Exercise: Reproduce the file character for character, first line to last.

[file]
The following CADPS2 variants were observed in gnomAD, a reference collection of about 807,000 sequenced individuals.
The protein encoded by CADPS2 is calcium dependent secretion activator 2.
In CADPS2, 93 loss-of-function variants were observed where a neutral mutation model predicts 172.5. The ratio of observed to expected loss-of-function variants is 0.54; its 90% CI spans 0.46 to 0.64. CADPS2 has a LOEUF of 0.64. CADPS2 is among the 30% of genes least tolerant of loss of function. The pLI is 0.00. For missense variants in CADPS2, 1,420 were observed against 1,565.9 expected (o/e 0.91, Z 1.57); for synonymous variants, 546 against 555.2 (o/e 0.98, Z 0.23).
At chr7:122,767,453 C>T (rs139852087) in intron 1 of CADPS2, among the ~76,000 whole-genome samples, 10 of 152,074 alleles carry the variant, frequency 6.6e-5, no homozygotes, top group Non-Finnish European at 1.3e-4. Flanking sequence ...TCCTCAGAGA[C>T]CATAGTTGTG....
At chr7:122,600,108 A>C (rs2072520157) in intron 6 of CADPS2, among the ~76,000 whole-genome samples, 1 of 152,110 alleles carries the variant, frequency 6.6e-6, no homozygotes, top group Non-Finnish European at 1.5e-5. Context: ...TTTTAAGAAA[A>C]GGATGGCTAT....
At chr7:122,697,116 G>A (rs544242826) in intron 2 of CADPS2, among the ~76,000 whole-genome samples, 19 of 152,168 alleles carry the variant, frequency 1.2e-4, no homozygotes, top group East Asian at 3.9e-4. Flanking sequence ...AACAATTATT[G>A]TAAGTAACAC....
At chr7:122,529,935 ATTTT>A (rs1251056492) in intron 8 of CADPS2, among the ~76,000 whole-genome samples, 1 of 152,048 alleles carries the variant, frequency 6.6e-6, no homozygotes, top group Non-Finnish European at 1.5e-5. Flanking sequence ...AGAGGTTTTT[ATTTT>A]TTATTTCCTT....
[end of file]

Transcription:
The following CADPS2 variants were observed in gnomAD, a reference collection of about 807,000 sequenced individuals.
The protein encoded by CADPS2 is calcium dependent secretion activator 2.
In CADPS2, 93 loss-of-function variants were observed where a neutral mutation model predicts 172.5. The ratio of observed to expected loss-of-function variants is 0.54; its 90% CI spans 0.46 to 0.64. CADPS2 has a LOEUF of 0.64. CADPS2 is among the 30% of genes least tolerant of loss of function. The pLI is 0.00. For missense variants in CADPS2, 1,420 were observed against 1,565.9 expected (o/e 0.91, Z 1.57); for synonymous variants, 546 against 555.2 (o/e 0.98, Z 0.23).
At chr7:122,767,453 C>T (rs139852087) in intron 1 of CADPS2, among the ~76,000 whole-genome samples, 10 of 152,074 alleles carry the variant, frequency 6.6e-5, no homozygotes, top group Non-Finnish European at 1.3e-4. Flanking sequence ...TCCTCAGAGA[C>T]CATAGTTGTG....
At chr7:122,600,108 A>C (rs2072520157) in intron 6 of CADPS2, among the ~76,000 whole-genome samples, 1 of 152,110 alleles carries the variant, frequency 6.6e-6, no homozygotes, top group Non-Finnish European at 1.5e-5. Context: ...TTTTAAGAAA[A>C]GGATGGCTAT....
At chr7:122,697,116 G>A (rs544242826) in intron 2 of CADPS2, among the ~76,000 whole-genome samples, 19 of 152,168 alleles carry the variant, frequency 1.2e-4, no homozygotes, top group East Asian at 3.9e-4. Flanking sequence ...AACAATTATT[G>A]TAAGTAACAC....
At chr7:122,529,935 ATTTT>A (rs1251056492) in intron 8 of CADPS2, among the ~76,000 whole-genome samples, 1 of 152,048 alleles carries the variant, frequency 6.6e-6, no homozygotes, top group Non-Finnish European at 1.5e-5. Flanking sequence ...AGAGGTTTTT[ATTTT>A]TTATTTCCTT....